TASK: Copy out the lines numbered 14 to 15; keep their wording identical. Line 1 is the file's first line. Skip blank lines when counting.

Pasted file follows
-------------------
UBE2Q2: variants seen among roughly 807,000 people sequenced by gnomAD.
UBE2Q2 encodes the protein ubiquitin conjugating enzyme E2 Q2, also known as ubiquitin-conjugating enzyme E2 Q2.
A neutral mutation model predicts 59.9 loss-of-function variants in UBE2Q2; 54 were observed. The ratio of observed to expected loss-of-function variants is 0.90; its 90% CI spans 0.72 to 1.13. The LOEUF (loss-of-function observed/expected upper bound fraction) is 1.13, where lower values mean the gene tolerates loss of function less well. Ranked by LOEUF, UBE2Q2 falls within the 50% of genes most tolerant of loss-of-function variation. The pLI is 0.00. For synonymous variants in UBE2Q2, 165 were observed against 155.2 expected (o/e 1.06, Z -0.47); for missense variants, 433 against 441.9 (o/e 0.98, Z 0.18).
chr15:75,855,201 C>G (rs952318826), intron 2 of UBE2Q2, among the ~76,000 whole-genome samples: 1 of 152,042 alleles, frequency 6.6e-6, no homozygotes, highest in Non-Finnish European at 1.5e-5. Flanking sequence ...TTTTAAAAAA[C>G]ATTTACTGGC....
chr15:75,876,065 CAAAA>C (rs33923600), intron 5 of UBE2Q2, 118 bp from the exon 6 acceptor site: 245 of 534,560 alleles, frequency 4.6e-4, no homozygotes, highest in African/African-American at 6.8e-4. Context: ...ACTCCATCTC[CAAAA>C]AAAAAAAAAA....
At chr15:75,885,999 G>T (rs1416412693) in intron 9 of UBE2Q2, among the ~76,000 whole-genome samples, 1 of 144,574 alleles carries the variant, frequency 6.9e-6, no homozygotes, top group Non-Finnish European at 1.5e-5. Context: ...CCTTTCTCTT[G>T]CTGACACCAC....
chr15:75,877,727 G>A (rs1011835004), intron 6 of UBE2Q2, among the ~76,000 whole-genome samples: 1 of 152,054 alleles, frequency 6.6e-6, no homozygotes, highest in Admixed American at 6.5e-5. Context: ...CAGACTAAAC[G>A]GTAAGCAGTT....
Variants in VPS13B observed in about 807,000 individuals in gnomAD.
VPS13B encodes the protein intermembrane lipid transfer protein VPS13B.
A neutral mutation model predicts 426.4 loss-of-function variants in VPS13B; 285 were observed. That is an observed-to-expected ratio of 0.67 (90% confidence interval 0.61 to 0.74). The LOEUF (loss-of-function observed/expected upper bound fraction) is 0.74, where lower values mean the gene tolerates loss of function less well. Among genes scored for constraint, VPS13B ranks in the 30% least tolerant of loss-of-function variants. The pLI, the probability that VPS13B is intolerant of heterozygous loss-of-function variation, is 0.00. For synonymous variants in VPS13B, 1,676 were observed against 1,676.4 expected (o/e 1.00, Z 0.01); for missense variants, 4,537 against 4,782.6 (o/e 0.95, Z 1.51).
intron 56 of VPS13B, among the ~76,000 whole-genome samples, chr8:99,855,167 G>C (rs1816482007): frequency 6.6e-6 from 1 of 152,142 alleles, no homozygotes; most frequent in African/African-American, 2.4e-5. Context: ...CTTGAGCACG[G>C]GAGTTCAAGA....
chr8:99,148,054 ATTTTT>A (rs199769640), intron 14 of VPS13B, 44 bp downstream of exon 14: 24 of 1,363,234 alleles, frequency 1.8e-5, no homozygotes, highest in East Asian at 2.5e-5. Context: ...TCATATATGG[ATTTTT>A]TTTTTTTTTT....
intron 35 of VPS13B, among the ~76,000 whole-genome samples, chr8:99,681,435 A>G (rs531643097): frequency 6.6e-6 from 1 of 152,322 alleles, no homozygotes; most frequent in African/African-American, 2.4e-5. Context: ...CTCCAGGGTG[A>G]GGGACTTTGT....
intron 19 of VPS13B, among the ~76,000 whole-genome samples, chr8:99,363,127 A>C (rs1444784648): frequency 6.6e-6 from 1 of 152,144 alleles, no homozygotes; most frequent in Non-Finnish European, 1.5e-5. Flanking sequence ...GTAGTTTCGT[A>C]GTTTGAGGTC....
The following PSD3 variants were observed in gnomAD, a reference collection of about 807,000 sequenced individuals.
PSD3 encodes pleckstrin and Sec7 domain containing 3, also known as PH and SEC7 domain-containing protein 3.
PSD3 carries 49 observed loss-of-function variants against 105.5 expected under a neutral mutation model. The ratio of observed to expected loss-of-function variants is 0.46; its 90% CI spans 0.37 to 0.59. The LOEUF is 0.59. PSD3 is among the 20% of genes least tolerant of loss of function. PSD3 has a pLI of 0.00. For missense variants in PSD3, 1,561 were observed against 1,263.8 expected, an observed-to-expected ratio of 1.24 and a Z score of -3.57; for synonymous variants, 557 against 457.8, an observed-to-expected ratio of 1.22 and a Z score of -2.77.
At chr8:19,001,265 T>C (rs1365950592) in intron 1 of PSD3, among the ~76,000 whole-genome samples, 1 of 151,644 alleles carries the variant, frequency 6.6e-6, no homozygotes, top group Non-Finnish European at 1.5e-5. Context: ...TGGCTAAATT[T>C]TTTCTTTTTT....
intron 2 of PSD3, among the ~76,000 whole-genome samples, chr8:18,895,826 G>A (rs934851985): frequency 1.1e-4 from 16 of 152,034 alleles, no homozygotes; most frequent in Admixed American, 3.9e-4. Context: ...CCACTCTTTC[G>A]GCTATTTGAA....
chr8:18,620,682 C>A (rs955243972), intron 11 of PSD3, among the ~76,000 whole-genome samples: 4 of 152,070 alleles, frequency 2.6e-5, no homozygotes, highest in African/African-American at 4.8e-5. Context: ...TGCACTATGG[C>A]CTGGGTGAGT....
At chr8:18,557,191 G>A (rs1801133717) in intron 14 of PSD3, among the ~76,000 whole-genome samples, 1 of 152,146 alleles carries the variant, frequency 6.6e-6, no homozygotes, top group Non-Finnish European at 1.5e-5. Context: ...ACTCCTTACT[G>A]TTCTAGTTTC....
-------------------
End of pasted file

intron 19 of VPS13B, among the ~76,000 whole-genome samples, chr8:99,363,127 A>C (rs1444784648): frequency 6.6e-6 from 1 of 152,144 alleles, no homozygotes; most frequent in Non-Finnish European, 1.5e-5. Flanking sequence ...GTAGTTTCGT[A>C]GTTTGAGGTC....
The following PSD3 variants were observed in gnomAD, a reference collection of about 807,000 sequenced individuals.